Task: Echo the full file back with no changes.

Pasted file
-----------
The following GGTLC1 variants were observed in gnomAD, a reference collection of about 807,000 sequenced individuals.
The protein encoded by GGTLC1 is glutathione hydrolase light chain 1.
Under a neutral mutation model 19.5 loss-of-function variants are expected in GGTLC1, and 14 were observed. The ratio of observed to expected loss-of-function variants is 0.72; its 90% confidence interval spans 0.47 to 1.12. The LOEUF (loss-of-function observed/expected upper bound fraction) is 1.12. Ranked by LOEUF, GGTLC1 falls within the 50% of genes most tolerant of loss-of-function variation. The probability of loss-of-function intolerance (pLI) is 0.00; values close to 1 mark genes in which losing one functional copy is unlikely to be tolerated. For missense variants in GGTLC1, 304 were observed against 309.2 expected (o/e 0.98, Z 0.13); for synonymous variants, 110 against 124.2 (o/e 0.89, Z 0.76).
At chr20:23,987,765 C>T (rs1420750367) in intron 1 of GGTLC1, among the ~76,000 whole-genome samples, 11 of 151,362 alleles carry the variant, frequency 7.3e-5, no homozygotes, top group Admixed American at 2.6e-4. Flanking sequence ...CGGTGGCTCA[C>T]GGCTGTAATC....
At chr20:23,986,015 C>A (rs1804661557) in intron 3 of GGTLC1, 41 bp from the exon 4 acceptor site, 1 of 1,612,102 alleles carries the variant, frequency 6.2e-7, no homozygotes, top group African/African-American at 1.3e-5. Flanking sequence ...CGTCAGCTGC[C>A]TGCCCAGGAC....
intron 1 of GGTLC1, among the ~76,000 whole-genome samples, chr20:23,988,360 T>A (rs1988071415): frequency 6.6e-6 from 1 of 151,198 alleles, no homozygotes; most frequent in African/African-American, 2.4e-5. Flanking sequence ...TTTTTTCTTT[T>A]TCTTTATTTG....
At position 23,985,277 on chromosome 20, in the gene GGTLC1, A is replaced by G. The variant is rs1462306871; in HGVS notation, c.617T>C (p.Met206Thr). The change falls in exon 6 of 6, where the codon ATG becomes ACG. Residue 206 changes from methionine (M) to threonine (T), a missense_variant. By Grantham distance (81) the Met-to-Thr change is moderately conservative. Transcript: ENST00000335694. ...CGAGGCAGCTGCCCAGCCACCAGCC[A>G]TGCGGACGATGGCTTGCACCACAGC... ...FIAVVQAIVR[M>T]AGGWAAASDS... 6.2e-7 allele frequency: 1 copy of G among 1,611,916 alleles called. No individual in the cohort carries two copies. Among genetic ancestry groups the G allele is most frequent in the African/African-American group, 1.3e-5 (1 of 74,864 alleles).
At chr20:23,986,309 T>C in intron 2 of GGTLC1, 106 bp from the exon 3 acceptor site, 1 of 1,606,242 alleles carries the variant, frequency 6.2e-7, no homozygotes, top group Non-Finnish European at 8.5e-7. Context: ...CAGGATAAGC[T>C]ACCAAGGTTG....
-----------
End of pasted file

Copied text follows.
The following GGTLC1 variants were observed in gnomAD, a reference collection of about 807,000 sequenced individuals.
The protein encoded by GGTLC1 is glutathione hydrolase light chain 1.
Under a neutral mutation model 19.5 loss-of-function variants are expected in GGTLC1, and 14 were observed. The ratio of observed to expected loss-of-function variants is 0.72; its 90% confidence interval spans 0.47 to 1.12. The LOEUF (loss-of-function observed/expected upper bound fraction) is 1.12. Ranked by LOEUF, GGTLC1 falls within the 50% of genes most tolerant of loss-of-function variation. The probability of loss-of-function intolerance (pLI) is 0.00; values close to 1 mark genes in which losing one functional copy is unlikely to be tolerated. For missense variants in GGTLC1, 304 were observed against 309.2 expected (o/e 0.98, Z 0.13); for synonymous variants, 110 against 124.2 (o/e 0.89, Z 0.76).
At chr20:23,987,765 C>T (rs1420750367) in intron 1 of GGTLC1, among the ~76,000 whole-genome samples, 11 of 151,362 alleles carry the variant, frequency 7.3e-5, no homozygotes, top group Admixed American at 2.6e-4. Flanking sequence ...CGGTGGCTCA[C>T]GGCTGTAATC....
At chr20:23,986,015 C>A (rs1804661557) in intron 3 of GGTLC1, 41 bp from the exon 4 acceptor site, 1 of 1,612,102 alleles carries the variant, frequency 6.2e-7, no homozygotes, top group African/African-American at 1.3e-5. Flanking sequence ...CGTCAGCTGC[C>A]TGCCCAGGAC....
intron 1 of GGTLC1, among the ~76,000 whole-genome samples, chr20:23,988,360 T>A (rs1988071415): frequency 6.6e-6 from 1 of 151,198 alleles, no homozygotes; most frequent in African/African-American, 2.4e-5. Flanking sequence ...TTTTTTCTTT[T>A]TCTTTATTTG....
At position 23,985,277 on chromosome 20, in the gene GGTLC1, A is replaced by G. The variant is rs1462306871; in HGVS notation, c.617T>C (p.Met206Thr). The change falls in exon 6 of 6, where the codon ATG becomes ACG. Residue 206 changes from methionine (M) to threonine (T), a missense_variant. By Grantham distance (81) the Met-to-Thr change is moderately conservative. Transcript: ENST00000335694. ...CGAGGCAGCTGCCCAGCCACCAGCC[A>G]TGCGGACGATGGCTTGCACCACAGC... ...FIAVVQAIVR[M>T]AGGWAAASDS... 6.2e-7 allele frequency: 1 copy of G among 1,611,916 alleles called. No individual in the cohort carries two copies. Among genetic ancestry groups the G allele is most frequent in the African/African-American group, 1.3e-5 (1 of 74,864 alleles).
At chr20:23,986,309 T>C in intron 2 of GGTLC1, 106 bp from the exon 3 acceptor site, 1 of 1,606,242 alleles carries the variant, frequency 6.2e-7, no homozygotes, top group Non-Finnish European at 8.5e-7. Context: ...CAGGATAAGC[T>C]ACCAAGGTTG....